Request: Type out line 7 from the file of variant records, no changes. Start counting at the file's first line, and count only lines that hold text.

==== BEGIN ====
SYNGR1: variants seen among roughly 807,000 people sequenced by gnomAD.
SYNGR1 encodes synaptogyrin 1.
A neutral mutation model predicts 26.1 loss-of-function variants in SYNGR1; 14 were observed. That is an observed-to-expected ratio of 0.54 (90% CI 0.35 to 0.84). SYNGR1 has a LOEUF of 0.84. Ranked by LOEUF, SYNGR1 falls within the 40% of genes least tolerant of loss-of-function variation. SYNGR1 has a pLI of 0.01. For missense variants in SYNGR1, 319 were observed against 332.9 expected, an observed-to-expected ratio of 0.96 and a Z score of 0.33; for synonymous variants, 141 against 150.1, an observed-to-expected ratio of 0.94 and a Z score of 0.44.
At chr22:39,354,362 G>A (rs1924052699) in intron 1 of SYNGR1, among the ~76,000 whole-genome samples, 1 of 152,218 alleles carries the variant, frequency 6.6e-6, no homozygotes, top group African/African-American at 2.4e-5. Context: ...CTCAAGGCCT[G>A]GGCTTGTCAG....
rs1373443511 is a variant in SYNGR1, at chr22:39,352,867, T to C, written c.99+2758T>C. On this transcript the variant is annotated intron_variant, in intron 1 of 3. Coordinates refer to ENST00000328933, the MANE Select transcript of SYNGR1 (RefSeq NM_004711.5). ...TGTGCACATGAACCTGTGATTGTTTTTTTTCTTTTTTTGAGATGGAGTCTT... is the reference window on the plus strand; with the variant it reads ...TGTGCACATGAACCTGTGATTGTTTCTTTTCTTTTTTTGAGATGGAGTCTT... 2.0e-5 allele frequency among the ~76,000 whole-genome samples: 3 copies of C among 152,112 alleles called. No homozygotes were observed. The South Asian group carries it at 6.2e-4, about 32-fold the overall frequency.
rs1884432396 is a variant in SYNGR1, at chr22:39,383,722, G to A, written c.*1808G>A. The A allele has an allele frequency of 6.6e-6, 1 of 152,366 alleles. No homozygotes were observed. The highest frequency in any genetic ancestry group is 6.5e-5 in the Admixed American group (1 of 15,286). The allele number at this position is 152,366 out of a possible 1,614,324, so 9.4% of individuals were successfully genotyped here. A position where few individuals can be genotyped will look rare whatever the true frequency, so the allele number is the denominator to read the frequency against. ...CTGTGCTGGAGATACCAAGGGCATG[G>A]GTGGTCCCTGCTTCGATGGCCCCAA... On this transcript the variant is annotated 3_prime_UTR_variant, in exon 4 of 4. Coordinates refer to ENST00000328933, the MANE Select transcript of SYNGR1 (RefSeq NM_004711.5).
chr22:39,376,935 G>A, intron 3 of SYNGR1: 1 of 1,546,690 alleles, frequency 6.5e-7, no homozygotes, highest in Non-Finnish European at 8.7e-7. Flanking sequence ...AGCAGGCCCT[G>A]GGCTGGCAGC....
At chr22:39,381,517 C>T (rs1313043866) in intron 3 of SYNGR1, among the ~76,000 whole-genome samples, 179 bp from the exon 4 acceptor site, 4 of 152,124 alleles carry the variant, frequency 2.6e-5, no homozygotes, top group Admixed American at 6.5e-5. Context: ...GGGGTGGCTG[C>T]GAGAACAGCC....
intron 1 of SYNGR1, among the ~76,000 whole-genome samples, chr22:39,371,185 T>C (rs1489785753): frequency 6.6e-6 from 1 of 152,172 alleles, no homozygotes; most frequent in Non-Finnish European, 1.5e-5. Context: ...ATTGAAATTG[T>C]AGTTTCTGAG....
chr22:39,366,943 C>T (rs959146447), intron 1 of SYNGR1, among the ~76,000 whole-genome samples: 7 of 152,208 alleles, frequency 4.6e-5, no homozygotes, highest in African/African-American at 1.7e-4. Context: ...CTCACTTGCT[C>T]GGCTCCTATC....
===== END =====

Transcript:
chr22:39,376,935 G>A, intron 3 of SYNGR1: 1 of 1,546,690 alleles, frequency 6.5e-7, no homozygotes, highest in Non-Finnish European at 8.7e-7. Flanking sequence ...AGCAGGCCCT[G>A]GGCTGGCAGC....